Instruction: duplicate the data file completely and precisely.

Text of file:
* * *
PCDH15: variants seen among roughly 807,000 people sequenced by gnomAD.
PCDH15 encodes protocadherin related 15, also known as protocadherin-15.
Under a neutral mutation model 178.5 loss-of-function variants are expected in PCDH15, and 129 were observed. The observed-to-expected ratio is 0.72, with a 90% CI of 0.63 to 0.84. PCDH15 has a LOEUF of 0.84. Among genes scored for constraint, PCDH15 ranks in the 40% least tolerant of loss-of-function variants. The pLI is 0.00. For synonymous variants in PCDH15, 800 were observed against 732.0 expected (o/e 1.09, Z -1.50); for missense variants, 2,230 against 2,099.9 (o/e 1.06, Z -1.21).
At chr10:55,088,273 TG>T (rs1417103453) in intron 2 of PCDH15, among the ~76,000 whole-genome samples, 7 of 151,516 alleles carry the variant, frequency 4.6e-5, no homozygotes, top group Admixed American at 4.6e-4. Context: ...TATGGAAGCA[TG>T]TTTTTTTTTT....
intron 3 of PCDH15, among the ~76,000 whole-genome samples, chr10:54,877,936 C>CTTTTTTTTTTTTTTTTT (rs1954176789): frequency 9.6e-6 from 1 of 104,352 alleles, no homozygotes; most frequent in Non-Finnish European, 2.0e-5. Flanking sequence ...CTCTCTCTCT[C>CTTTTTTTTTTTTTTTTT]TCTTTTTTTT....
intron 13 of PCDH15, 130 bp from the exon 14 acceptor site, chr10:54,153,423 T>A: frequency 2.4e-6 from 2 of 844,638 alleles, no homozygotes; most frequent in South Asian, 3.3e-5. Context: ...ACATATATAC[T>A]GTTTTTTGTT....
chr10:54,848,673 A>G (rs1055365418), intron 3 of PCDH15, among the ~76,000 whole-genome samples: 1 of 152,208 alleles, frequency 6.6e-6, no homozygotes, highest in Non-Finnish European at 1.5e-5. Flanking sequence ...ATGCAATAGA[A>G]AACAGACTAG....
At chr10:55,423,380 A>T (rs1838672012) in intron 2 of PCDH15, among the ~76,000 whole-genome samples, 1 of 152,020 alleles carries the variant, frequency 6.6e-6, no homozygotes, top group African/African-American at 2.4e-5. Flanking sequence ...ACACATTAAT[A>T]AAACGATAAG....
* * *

PCDH15: variants seen among roughly 807,000 people sequenced by gnomAD.
PCDH15 encodes protocadherin related 15, also known as protocadherin-15.
Under a neutral mutation model 178.5 loss-of-function variants are expected in PCDH15, and 129 were observed. The observed-to-expected ratio is 0.72, with a 90% CI of 0.63 to 0.84. PCDH15 has a LOEUF of 0.84. Among genes scored for constraint, PCDH15 ranks in the 40% least tolerant of loss-of-function variants. The pLI is 0.00. For synonymous variants in PCDH15, 800 were observed against 732.0 expected (o/e 1.09, Z -1.50); for missense variants, 2,230 against 2,099.9 (o/e 1.06, Z -1.21).
At chr10:55,088,273 TG>T (rs1417103453) in intron 2 of PCDH15, among the ~76,000 whole-genome samples, 7 of 151,516 alleles carry the variant, frequency 4.6e-5, no homozygotes, top group Admixed American at 4.6e-4. Context: ...TATGGAAGCA[TG>T]TTTTTTTTTT....
intron 3 of PCDH15, among the ~76,000 whole-genome samples, chr10:54,877,936 C>CTTTTTTTTTTTTTTTTT (rs1954176789): frequency 9.6e-6 from 1 of 104,352 alleles, no homozygotes; most frequent in Non-Finnish European, 2.0e-5. Flanking sequence ...CTCTCTCTCT[C>CTTTTTTTTTTTTTTTTT]TCTTTTTTTT....
intron 13 of PCDH15, 130 bp from the exon 14 acceptor site, chr10:54,153,423 T>A: frequency 2.4e-6 from 2 of 844,638 alleles, no homozygotes; most frequent in South Asian, 3.3e-5. Context: ...ACATATATAC[T>A]GTTTTTTGTT....
chr10:54,848,673 A>G (rs1055365418), intron 3 of PCDH15, among the ~76,000 whole-genome samples: 1 of 152,208 alleles, frequency 6.6e-6, no homozygotes, highest in Non-Finnish European at 1.5e-5. Flanking sequence ...ATGCAATAGA[A>G]AACAGACTAG....
At chr10:55,423,380 A>T (rs1838672012) in intron 2 of PCDH15, among the ~76,000 whole-genome samples, 1 of 152,020 alleles carries the variant, frequency 6.6e-6, no homozygotes, top group African/African-American at 2.4e-5. Flanking sequence ...ACACATTAAT[A>T]AAACGATAAG....